Christ has risen, but remains with us…
There was an atheist couple with an only child. They never told their daughter anything about God, or about Jesus.
One night when the little girl was five years old, she was roused from sleep as her parents had a violent quarrel in the room. At the height of the fight, the man shot his wife, then turned the gun on himself. The poor girl saw it all.
The orphan was sent to a foster home to start a new life. Her foster mother, a Christian, took the child with her to church.
On the first day of Sunday School, the foster mother told the teacher about the girl’s background. She also mentioned that the girl had never heard of Jesus, and advised the teacher to have patience with her.
Later in class that first day, the teacher held up a picture of Jesus and asked, “Does anyone know who this is?”
“I do,” the girl said, “That’s the man who carried me in his arms the night my parents died.”
We’ve been told that faith is believing what we don’t see, and that its eternal reward is seeing what we believe. The girl did not have to believe, or maybe her innocence was faith itself. Whatever it was, Jesus has always been with her whether she consciously believed or not.
Happy Easter to all who believe! (This intro is based on notes culled from our Easter Sunday Postscript of April 23, 2000.)
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Coming out of the Lenten break, some readers may have realized that they could go on with life – in fact, might even feel relieved – without the “bad news” syndrome of mainstream, cyber, or whatever new-fangled mass media are streaming into their daily life.
With the internet following us everywhere, we have become victims of the mind-conditioning effects of the lies and hate in mass media littering our way to May 9 to elect the officials to lead us in the next six years in recovering from the pandemic-economic crisis.
Our return to the campaign trail is a good time to remind ourselves and readers of some basic facts about mass media that have shrunk the global village in many aspects.
After decades of being a newsman – which means having been a reporter, editor, and now an op-ed columnist – I still feel awkward being called a “journalist”, a tag that strikes me as somewhat pretentious.
We still encounter readers who expect or demand that they be served only “objective” columns and news.
But there is no such thing as an objective news story, much less an objective opinion piece. A story is the result of a subjective process involving witnesses and sources, the reporter, his editors, and others who had a hand in producing the end product.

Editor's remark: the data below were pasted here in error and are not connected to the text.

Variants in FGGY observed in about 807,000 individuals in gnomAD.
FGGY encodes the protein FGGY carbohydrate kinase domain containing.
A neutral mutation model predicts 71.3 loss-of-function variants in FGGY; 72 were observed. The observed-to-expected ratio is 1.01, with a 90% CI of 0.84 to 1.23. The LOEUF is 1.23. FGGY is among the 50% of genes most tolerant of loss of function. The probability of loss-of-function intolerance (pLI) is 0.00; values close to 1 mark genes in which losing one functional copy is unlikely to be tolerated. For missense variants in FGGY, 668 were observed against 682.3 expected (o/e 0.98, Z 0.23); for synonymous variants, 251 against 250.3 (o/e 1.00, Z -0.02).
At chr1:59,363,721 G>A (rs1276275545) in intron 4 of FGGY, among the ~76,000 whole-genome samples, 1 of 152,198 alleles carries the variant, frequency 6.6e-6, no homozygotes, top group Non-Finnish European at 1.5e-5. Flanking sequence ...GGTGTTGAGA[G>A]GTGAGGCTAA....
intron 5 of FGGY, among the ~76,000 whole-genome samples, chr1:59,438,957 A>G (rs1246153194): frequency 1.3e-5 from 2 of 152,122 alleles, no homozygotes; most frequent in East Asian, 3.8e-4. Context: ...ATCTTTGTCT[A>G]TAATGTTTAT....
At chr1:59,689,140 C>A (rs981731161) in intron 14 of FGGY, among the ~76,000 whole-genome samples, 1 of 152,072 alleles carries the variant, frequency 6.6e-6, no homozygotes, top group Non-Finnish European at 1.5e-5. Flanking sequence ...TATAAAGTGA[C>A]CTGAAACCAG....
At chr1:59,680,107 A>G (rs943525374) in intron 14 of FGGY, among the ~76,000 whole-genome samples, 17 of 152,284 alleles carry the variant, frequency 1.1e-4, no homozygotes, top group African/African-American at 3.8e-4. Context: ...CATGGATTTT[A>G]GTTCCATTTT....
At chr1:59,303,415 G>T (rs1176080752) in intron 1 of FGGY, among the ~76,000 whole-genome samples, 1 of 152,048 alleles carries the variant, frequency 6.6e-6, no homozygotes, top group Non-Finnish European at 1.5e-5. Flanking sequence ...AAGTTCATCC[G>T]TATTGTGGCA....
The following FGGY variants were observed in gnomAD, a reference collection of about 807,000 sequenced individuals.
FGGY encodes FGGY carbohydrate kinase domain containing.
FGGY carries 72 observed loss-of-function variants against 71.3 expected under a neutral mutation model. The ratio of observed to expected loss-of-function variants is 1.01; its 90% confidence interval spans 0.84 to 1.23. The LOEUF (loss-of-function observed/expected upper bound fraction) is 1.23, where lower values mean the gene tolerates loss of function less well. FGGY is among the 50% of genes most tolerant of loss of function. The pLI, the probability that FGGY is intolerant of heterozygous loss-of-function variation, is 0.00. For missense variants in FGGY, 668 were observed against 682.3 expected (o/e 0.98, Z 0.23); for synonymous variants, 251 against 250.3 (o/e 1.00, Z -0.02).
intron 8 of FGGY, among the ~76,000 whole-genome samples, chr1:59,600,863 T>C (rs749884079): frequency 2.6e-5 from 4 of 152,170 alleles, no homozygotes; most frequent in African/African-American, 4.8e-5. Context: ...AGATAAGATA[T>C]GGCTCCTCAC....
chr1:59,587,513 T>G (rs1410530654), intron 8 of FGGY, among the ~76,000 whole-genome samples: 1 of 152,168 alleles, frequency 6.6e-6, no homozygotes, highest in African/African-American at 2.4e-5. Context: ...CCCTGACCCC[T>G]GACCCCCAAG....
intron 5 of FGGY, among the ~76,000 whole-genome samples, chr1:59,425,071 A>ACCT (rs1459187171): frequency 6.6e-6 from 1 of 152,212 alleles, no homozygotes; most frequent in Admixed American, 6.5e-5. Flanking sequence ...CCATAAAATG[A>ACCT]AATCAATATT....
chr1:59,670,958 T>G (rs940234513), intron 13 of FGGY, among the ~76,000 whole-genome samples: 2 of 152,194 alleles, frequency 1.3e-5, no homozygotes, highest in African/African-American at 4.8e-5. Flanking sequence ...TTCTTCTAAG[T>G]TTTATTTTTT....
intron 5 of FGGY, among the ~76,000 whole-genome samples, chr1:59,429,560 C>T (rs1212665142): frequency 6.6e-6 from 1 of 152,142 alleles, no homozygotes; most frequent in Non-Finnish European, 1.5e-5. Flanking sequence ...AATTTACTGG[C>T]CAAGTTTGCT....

In organizing data and inserting explanations where needed, the reporter exercises value judgment. In so doing, he adds light and color – some readers may see this touching-up as bias – to the picture ultimately presented to readers or viewers.
With that, how can the story be objective? But that is not because it was deliberately distorted or slanted. It is simply that it was the product of a subjective process requiring value judgments.
We must keep in mind this subjectivity, which is not necessarily a bias in the pejorative sense, when assessing information generated during the campaign, including stories on debates, speeches, rallies, and the bio-record of candidates.
More care must be exercised when the media material is strikingly negative or scurrilous about a person. Reading the opposing narrative, if available, may help balance the picture.
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We live in an imperfect world. Thus, we see ourselves, warts and all, when we look at the mirror that media hold to us, to society in general.
When not “holding a mirror to society”, media’s job performed with utmost professionalism and in good faith is sometimes likened to being a “watchdog” in the community.
When somebody butts in and demands to know who installed us to be a watchdog, we go back to history, including that part that refers to the press as the “fourth estate”, which term is sometimes mistaken to mean a “fourth branch” in a government setup like ours.
This notion expands the role of modern mass media whose roots are traced to the earliest print media or what has come to be referred to as the “press”, to which the community has given not only essential freedoms but also a kind of checks and balances function.
Imbedded in our social contract is this concept of a free press being a watchdog helping to curb excesses or abuses of government officials and other persons who hold inordinate power without corresponding transparency and accountability.
Abuses could work both ways, as when members of the press morph from being watchdogs to lapdogs or, to use a more colorful local term, “tuta” (literally “puppy”).
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We in the old school believe that private media must not operate in cahoots with government or public officials. That concept was corrupted by the then-dictator Ferdinand Marcos who introduced “developmental journalism” with his cronies in media.
The Marcos idea was for private media to be a partner of government in pushing development in all areas. Its limits were never defined until his fall in 1986.
In fact, the practice continues to this day with some members of private media or media organizations occupying positions in government agencies and corporations or receiving regular pay from a government official or his office.
It did not take long for the so-called developmental journalism to be bastardized into ”envelopmental journalism” which refers to the handing of pay envelopes to selected mediamen collaborating with officials or doing public relations and allied services for them.
The corruption of private media goes to a higher level when it is no longer only the workers, but some media moguls themselves openly prostituting their outfits and staff for the mutual benefit of their administration friends and their own businesses.